Miuccia Prada, currently American Vogue’s pioneering septuagenarian cover girl, was standing backstage after the Prada show, bedecked in emeralds and jade and looking slightly terrified as Emma Watson and hordes of well-wishers and journalists swarmed around her like locusts. Such is life when you transcend the role of designer and become more like a divining rod that indicates which way the cultural water is flowing. And that is?

Toward “history,” she said as her co-creative director, Raf Simons, sipped Prosecco beside her. Or to be specific, toward the way history teaches us about where we are going. As Mr. Simons said in a news release later, “You can only realize your future if you know your past.”

It’s not a blinding insight — if we don’t learn from our actions, we are doomed to repeat them, and so on — but at this particular time, when it often feels like we actually are repeating them and memories are awfully short, it’s worth a reminder (as Mrs. Prada said backstage). Besides, fashion can bring the point to life as well as any lecture. Maybe better.

History has been much in the air in Milan. Maybe it’s because it was two years ago this week that Russia invaded Ukraine, or because the American presidential election feels like it’s dangerously on rewind. Maybe it’s because history-based films like “The Zone of Interest” and “Killers of the Flower Moon” and “Oppenheimer” are sweeping the awards season, which parallels the ready-to-wear season. Or maybe it’s as simple as the fact that history is a living thing in fashion, given how many European houses are concerned with preserving their own heritages, constantly looking backward to define their identities. Probably all of the above.

The issue was front and center at the Moschino show, where Adrian Appiolaza was making his debut as creative director of the brand that Franco Moschino built on a base of style and pointed cultural activism masquerading as a bit of fun. Jeremy Scott reinvented it as high camp, and Mr. Appiolaza is now charged with taking it forward.

The first thing he had done, the designer said backstage before the show, was “go to the archive. My idea was to really dig into Franco’s world. I was overwhelmed with all the pieces that they have.” Then, he said, he picked certain notable points to revisit.

The result was a whistle-stop tour through Moschino iconography in 41 looks. The cowboy? He was there, in the form of truncated wrangler hats with baseball cap backs and long, cancan skirts over faded denim. The pointed slogans? They were there, too: see one long knit dress with “Peace” cascading down the center, or an oversize T-shirt telegraphing “Love.” There were smiley face knits, pearls, question mark and polka dot suits and surreal cloud prints; even a paper bag handbag stuffed with groceries.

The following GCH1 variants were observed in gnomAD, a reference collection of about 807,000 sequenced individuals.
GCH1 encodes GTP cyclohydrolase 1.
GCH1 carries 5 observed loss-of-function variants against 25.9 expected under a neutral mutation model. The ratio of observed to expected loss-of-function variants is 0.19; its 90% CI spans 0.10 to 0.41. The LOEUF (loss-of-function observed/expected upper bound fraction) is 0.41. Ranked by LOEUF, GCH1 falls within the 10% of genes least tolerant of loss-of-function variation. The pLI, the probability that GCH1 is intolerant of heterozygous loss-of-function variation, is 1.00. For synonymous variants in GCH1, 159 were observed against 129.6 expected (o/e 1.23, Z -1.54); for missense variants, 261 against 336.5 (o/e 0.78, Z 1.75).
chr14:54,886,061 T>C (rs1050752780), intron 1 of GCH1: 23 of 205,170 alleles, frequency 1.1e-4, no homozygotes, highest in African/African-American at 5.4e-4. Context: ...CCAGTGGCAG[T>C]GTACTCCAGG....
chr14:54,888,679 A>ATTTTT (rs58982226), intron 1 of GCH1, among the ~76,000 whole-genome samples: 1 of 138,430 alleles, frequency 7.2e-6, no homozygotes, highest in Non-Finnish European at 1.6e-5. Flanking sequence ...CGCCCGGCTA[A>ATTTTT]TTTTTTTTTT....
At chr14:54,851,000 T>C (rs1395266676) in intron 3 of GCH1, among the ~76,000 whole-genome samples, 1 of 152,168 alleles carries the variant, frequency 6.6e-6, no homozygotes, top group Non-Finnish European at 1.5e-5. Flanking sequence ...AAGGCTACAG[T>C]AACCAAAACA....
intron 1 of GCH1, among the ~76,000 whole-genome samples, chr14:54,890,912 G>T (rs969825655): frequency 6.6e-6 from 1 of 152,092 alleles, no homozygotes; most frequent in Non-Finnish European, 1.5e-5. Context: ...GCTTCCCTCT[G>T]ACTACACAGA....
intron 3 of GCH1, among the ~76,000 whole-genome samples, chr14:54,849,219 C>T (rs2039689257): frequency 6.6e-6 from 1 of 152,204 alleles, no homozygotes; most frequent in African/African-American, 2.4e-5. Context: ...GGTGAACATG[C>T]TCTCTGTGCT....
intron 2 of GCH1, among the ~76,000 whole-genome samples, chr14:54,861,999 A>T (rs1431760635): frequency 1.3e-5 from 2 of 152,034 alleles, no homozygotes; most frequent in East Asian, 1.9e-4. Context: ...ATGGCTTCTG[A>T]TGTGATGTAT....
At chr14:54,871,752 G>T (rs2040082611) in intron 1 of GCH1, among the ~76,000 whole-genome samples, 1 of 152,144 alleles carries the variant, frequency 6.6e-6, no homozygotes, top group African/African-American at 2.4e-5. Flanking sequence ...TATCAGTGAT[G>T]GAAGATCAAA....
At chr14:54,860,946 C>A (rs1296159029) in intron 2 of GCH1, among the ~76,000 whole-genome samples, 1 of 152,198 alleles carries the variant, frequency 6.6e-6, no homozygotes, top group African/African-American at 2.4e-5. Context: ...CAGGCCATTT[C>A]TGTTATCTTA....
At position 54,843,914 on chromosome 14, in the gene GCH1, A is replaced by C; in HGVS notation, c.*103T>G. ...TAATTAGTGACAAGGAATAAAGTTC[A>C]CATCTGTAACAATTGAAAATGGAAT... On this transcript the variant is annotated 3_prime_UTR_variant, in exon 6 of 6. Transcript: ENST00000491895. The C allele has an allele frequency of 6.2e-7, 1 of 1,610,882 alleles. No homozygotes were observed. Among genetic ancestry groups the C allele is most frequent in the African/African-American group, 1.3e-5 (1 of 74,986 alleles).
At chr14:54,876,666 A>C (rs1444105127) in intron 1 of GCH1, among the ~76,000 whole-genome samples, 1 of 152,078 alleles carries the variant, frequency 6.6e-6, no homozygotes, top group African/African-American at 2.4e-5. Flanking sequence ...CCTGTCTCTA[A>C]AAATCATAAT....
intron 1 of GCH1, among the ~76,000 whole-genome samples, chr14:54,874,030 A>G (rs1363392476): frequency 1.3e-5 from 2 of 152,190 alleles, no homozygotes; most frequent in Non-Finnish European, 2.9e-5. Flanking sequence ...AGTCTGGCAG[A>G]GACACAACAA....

The clothes were more relaxed and easier to wear than the exaggerated looks that distinguished Mr. Scott’s tenure; so was the jokery, which was less geared toward social media memes than lightening up the weight of the everyday. What was missing, however, was any sense of Mr. Appiolaza, and how he might want to make the brand his own.

He only arrived at Moschino in January, so to be fair, he hasn’t had much time. Perhaps — hopefully — that will change with his next collections. Otherwise, all that’s left is a very professional, somewhat pallid, exercise in nostalgia.

A place where it is easy to get stuck. Nostalgia, after all, implies a certain passivity — things were better back then! — which is risky messaging for brands selling the future. Which is perhaps why Mrs. Prada and Mr. Simons were at such pains to avoid it.

Instead they were mining their grab bag of fashions past for female totems — bows above all (and not the TikTok kind; the kind that could school the TikTok crowd), but also fur trim and silk bloomers, aprons and linen handkerchiefs and lingerie, land girl suiting, 1950s va va voom sheaths and ’60s shifts — and then actively messing with them, chopping it all into pieces and collaging the fragments back together to force reconsideration. Not with frustration, but with affection.

Sleeveless shells flew little bows like fringe down the front and were layered over silk bloomers. Some skirts had bigger bows, like bustles at the back; other heavy tweeds turned out to be false fronts that revealed silk slips at the rear. Midcentury cocktail dresses were reimagined in technical nylon with the sort of multi-utility pockets normally seen on the ski slopes. Ditto one fantastic trapeze coat.

Top-handle bags weren’t tucked into the crook of the arm, they were looped on by dint of a mini belt. A bag belt? Everything seemed to be worn with a jewel-tone velvet cap, which called to mind the sort of headgear associated with beat cops, French Legionnaires and Civil War soldiers, depending on your reference points (in any case: the police of the moment).

It was a little schizophrenic and often kind of awkward, but also compelling, the uniforms of a madcap historian pouring martinis at a cocktail party and riffing on Mary Wollstonecraft, Simone de Beauvoir and how we got to here.

Backstage, Mrs. Prada was quoting a philosopher whose name she could not remember, but whose words she paraphrased as, “Taking away a piece of the past is separating it from its cage.” She and Mr. Simons may not know where we go next (that would be demanding too much), but at least they are offering the tools to think about it in style.